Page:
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Set amidst lush gardens and shady trees, Sham Nath residence has retained its old world charm and colonial architecture. It escapes the constant noise and pollution of the inner city, yet remains within easy access to the city's most magnificent Mogul monuments like, Red Fort, Jamma Masjid and the famous shopping centre of historic Chandni Chowk with its quaint bazaars and meandering lanes.

Guests will be enjoying all the comforts of a prestigious family residence, formerly the home of late Mr. Sham Nath - after whom the famous Heritage Road has been named. He was the Mayor of Delhi and an eminent minister in Pandit Jawaharlal Nehru's cabinet.

Situated in the North Delhi residential area of Civil Lines, with its impressive 'Days of the Raj Bungalow', our residence is 10 minutes walk from the famous Delhi University.

 

Civil Lines
Before 1857, when the Great Indian Rebellion (or Mutiny) took place, there were just two or three big houses in the area - Thomas Metcalfe's palace by the river, Hindu Rao's house up on the Ridge, and 'Lodlow Castle' at the southern end of Alipur Road. After 1857, the British moved out of the Walled City en masse, and settled in the area just north of it, bounded by Quidsia Gardens to the south and the Ridge to the north, and called it Civil Lines.

By 1890 'second tier' Europeans comprising railway officials and mill managers moved into Civil Lines, and over 110 large colonial houses in big leafy gardens came up, as well as three hotels - the Maidens, Hotel Sussie and the Cecil. While the Capital was being built on Raisina Hill, the temporary capital functioned out of the vice-regal lodge (now the offices of Delhi University), in Civil Lines and a Secretariat constructed on Alipur Road (Sham Nath Marg), which now comprises the Vidhan Sabha.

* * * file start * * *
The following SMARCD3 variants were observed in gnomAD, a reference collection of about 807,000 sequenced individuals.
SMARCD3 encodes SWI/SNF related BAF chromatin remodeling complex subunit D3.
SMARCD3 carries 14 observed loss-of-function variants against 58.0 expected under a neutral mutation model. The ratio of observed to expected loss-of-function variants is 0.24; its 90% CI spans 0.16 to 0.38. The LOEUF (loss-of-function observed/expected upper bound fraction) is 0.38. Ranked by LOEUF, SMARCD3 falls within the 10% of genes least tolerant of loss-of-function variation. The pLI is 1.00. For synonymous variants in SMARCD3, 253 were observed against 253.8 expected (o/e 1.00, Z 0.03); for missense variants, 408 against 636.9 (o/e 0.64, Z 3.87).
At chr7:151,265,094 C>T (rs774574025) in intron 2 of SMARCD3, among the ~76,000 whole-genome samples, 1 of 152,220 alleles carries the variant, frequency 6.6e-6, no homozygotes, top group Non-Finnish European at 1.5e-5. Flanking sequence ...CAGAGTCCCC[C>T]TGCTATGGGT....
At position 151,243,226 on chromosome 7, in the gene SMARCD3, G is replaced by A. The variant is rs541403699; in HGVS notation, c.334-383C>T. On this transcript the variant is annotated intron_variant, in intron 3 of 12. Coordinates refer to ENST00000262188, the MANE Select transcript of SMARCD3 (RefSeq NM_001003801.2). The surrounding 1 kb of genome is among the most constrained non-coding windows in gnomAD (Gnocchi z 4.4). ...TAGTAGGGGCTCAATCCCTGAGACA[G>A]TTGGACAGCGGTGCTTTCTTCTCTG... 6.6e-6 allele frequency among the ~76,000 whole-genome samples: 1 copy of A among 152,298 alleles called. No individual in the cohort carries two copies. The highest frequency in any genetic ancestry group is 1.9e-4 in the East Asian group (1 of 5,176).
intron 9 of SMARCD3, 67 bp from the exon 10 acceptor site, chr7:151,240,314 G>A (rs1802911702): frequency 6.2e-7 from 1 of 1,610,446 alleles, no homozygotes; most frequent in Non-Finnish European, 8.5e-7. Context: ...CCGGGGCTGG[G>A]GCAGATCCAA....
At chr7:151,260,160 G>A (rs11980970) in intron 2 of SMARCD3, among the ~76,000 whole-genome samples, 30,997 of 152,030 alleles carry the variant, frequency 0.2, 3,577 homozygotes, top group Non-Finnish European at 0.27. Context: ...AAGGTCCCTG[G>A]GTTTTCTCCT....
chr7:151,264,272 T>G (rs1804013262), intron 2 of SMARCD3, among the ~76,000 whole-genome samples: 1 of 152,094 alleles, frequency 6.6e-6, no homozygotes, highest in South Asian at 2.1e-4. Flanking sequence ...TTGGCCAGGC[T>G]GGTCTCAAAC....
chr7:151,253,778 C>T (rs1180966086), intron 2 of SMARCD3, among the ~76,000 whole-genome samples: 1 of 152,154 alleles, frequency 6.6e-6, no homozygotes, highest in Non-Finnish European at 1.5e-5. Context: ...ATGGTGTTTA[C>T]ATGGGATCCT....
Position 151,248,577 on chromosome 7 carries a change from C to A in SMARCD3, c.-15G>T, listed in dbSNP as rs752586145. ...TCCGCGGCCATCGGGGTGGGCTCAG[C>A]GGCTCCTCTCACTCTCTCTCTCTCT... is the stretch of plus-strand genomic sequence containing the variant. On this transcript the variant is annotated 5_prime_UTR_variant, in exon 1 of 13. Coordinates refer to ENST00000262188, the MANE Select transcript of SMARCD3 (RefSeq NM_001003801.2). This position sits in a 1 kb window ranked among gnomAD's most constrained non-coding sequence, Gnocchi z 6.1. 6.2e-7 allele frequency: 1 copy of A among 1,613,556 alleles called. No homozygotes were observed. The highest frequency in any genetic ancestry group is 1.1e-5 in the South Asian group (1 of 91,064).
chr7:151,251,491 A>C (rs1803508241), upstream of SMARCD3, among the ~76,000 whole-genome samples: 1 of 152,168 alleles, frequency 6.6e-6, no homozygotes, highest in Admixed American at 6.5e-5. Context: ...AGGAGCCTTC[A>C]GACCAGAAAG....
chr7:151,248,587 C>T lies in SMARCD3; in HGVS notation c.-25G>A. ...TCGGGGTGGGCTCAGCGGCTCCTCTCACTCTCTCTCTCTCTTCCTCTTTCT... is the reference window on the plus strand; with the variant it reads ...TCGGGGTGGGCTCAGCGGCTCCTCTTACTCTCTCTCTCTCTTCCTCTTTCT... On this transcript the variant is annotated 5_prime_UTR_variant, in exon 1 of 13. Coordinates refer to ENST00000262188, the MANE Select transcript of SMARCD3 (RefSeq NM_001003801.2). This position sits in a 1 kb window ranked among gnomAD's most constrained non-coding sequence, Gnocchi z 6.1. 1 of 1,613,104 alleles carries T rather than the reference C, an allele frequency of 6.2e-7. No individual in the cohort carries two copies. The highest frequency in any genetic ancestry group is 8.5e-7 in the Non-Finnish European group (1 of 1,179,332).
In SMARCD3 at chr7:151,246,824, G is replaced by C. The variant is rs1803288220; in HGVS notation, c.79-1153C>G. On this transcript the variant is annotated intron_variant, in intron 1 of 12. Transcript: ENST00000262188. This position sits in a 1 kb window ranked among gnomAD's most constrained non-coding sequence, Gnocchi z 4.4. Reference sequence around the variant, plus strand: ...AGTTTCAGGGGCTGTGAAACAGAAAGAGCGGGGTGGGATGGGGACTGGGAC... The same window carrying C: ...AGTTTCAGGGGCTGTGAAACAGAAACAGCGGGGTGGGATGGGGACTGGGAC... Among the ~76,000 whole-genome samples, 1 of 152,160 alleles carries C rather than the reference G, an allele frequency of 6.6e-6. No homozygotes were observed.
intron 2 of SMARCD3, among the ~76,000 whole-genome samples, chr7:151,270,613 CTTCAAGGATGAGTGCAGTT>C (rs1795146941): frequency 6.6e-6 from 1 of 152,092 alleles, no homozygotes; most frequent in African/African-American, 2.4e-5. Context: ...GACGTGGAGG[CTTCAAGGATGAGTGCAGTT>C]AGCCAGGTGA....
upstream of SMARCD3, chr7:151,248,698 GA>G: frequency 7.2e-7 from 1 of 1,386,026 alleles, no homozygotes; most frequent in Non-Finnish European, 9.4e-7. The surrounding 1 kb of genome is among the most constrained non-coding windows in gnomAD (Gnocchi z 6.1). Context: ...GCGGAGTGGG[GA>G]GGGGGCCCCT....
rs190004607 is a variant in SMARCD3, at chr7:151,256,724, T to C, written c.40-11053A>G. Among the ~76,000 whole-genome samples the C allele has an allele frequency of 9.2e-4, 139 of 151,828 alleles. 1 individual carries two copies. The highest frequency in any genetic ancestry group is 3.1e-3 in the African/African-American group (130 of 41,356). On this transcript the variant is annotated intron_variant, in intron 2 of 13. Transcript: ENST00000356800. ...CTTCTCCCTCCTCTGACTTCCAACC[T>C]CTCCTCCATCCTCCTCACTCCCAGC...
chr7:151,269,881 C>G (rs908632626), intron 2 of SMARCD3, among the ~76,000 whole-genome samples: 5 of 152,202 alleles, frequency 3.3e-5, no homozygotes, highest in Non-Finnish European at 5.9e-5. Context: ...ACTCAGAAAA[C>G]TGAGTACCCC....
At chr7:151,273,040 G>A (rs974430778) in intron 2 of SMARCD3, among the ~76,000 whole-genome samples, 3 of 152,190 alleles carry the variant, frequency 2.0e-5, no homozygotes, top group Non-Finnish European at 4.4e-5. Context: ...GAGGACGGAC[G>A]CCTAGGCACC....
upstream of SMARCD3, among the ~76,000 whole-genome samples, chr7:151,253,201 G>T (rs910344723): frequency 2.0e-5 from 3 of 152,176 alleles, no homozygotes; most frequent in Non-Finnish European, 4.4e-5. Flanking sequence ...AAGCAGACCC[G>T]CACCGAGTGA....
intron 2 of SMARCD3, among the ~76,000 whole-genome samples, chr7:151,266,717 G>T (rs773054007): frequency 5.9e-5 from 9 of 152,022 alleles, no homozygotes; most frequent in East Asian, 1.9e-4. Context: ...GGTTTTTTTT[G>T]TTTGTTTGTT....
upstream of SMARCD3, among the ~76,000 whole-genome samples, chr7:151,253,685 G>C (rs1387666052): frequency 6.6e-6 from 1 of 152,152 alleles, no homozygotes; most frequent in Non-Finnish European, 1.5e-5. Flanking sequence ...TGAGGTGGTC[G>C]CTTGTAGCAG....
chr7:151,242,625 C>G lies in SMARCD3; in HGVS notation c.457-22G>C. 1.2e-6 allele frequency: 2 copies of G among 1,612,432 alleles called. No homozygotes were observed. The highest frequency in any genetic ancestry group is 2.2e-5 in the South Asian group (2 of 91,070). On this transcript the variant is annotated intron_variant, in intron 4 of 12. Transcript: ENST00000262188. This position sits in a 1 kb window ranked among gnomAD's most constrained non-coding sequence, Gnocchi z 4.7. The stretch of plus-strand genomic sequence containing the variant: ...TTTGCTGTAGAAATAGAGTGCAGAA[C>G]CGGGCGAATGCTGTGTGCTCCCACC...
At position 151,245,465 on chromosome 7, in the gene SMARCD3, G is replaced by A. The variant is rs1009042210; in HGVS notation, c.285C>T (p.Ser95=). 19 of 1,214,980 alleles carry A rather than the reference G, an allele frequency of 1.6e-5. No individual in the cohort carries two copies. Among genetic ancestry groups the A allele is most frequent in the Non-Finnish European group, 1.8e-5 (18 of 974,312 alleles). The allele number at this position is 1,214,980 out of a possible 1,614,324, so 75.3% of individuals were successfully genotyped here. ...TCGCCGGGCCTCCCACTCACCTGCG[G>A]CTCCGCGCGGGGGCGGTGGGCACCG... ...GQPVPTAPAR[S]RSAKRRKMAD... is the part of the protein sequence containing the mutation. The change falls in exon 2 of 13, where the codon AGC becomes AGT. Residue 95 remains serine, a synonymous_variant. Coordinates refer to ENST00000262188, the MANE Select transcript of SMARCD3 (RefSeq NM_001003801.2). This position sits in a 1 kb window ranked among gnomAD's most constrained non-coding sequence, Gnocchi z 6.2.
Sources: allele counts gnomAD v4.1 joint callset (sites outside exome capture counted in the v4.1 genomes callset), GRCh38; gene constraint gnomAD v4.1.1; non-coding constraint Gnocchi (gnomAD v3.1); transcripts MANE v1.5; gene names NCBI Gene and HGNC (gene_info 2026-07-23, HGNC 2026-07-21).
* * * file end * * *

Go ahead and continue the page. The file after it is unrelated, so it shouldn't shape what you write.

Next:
Today, few old structures survive like, the Maidens Hotel, Exchange Stores on Sham Nath Marg. There is the Ridge of course, afforested (mainly with acacia) after the Mutiny, and crowned by the burly Flagstaff Tower and gothic looking Mutiny Memorial. You can still walk in Quidsia Gardens where the last emperor of Delhi, Bahadur Shah Zafar took to the air on his elephant, and checkout the tombstones in the Nicholson Cemetry across the road.

And there are still a few quiet, shady lanes, where time travel is still possible in this part of Delhi…

-Compiled by Ranjit Lal, who has authored many books, viz;

Fiction:
The Crow Chronicles (Penguin)
The Caterpillar Who Went on a Diet and other stories (Puffin)
That Summer of Kakagarh (Tulika)
The Simians of South Block and the Yumyum Piglets (Roli/IndiaInk)

Non-fiction:
Birds of Delhi (Oxford University Press)
Birds from my Window (Tulika)
Wild City (Penguin)

 

 

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